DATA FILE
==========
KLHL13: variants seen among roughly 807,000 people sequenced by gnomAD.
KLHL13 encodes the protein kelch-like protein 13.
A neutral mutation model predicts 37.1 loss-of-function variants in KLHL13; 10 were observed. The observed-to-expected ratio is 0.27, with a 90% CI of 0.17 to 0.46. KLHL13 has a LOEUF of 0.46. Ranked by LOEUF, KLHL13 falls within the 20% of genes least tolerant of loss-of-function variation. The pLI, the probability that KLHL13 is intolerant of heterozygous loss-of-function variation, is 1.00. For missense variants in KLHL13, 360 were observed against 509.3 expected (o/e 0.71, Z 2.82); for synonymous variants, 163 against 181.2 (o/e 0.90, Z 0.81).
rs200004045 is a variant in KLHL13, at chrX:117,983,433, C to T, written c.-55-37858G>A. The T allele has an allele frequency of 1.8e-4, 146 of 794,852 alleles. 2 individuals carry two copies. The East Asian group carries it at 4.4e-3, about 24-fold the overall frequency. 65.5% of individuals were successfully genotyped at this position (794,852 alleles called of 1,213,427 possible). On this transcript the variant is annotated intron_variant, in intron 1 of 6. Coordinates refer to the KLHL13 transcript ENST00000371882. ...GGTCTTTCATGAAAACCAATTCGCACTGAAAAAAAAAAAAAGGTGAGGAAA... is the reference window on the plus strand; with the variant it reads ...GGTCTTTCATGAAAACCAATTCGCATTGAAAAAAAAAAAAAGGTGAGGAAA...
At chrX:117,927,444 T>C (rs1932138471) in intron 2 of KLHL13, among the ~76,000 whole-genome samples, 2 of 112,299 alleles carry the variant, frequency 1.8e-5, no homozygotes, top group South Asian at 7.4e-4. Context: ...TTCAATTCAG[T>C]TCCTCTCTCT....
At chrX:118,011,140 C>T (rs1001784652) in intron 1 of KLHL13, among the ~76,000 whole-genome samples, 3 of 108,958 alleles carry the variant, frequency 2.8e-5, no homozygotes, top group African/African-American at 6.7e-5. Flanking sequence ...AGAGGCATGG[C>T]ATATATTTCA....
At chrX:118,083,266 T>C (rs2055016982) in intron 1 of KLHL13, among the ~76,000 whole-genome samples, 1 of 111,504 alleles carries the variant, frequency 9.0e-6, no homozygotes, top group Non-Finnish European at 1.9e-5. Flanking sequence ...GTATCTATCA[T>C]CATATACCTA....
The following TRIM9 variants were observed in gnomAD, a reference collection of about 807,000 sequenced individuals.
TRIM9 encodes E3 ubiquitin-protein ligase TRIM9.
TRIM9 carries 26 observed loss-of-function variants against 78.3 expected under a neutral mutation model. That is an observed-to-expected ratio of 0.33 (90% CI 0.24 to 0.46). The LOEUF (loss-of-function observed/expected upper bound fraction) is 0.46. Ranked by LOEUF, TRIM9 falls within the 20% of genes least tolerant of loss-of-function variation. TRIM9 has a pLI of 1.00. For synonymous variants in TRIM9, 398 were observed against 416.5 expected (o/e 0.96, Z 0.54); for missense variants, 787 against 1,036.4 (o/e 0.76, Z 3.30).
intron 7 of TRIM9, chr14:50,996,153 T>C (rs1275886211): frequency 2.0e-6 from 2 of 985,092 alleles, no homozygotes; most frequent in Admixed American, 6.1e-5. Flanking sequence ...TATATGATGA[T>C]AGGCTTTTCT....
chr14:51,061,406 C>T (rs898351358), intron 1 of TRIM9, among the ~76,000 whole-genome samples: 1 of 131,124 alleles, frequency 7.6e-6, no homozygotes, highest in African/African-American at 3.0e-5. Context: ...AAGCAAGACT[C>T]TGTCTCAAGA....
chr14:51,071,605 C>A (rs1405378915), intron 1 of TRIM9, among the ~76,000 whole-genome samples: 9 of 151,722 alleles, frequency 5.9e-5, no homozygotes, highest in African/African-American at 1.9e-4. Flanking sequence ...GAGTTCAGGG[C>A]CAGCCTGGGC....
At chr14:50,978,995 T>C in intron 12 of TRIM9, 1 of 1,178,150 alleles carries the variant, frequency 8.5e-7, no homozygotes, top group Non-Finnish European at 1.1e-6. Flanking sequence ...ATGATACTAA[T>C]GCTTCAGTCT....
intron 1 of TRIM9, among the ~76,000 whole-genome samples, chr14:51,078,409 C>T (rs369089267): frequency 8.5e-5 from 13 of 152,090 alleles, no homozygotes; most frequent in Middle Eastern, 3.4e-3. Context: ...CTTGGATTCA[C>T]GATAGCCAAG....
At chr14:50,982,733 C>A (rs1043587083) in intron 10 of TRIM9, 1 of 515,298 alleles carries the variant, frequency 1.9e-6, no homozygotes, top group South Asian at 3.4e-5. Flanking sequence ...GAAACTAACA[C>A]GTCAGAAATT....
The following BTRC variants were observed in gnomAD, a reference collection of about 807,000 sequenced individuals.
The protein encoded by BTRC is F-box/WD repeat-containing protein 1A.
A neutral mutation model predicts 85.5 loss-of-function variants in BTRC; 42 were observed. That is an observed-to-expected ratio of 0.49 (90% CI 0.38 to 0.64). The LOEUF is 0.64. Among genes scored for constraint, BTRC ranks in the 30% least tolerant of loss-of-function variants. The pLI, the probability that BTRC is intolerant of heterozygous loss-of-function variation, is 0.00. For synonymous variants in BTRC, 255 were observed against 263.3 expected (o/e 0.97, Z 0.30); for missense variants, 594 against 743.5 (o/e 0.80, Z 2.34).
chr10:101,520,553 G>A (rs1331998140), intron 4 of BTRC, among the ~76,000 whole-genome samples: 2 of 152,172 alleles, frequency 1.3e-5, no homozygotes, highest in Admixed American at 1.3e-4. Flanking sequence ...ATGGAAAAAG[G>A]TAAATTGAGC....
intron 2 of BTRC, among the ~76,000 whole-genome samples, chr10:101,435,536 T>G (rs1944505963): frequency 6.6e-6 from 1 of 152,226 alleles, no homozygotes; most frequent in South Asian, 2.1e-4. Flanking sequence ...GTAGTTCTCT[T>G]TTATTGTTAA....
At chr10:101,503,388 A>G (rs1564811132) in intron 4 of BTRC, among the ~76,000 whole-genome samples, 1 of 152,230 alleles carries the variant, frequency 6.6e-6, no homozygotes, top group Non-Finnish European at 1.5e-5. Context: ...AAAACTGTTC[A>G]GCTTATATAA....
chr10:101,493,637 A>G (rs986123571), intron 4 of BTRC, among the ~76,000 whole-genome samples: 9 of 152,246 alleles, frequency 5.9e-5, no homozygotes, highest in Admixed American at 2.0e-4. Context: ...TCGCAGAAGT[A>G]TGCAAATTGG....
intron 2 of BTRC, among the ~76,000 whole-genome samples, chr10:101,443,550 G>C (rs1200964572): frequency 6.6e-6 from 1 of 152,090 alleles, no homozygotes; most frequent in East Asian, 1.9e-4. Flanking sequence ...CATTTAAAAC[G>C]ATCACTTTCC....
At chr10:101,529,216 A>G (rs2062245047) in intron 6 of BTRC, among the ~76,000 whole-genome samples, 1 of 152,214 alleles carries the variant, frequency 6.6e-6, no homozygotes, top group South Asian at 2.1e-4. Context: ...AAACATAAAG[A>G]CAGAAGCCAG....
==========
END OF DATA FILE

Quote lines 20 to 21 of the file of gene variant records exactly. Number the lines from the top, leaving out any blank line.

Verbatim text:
chr10:101,520,553 G>A (rs1331998140), intron 4 of BTRC, among the ~76,000 whole-genome samples: 2 of 152,172 alleles, frequency 1.3e-5, no homozygotes, highest in Admixed American at 1.3e-4. Flanking sequence ...ATGGAAAAAG[G>A]TAAATTGAGC....
intron 2 of BTRC, among the ~76,000 whole-genome samples, chr10:101,435,536 T>G (rs1944505963): frequency 6.6e-6 from 1 of 152,226 alleles, no homozygotes; most frequent in South Asian, 2.1e-4. Flanking sequence ...GTAGTTCTCT[T>G]TTATTGTTAA....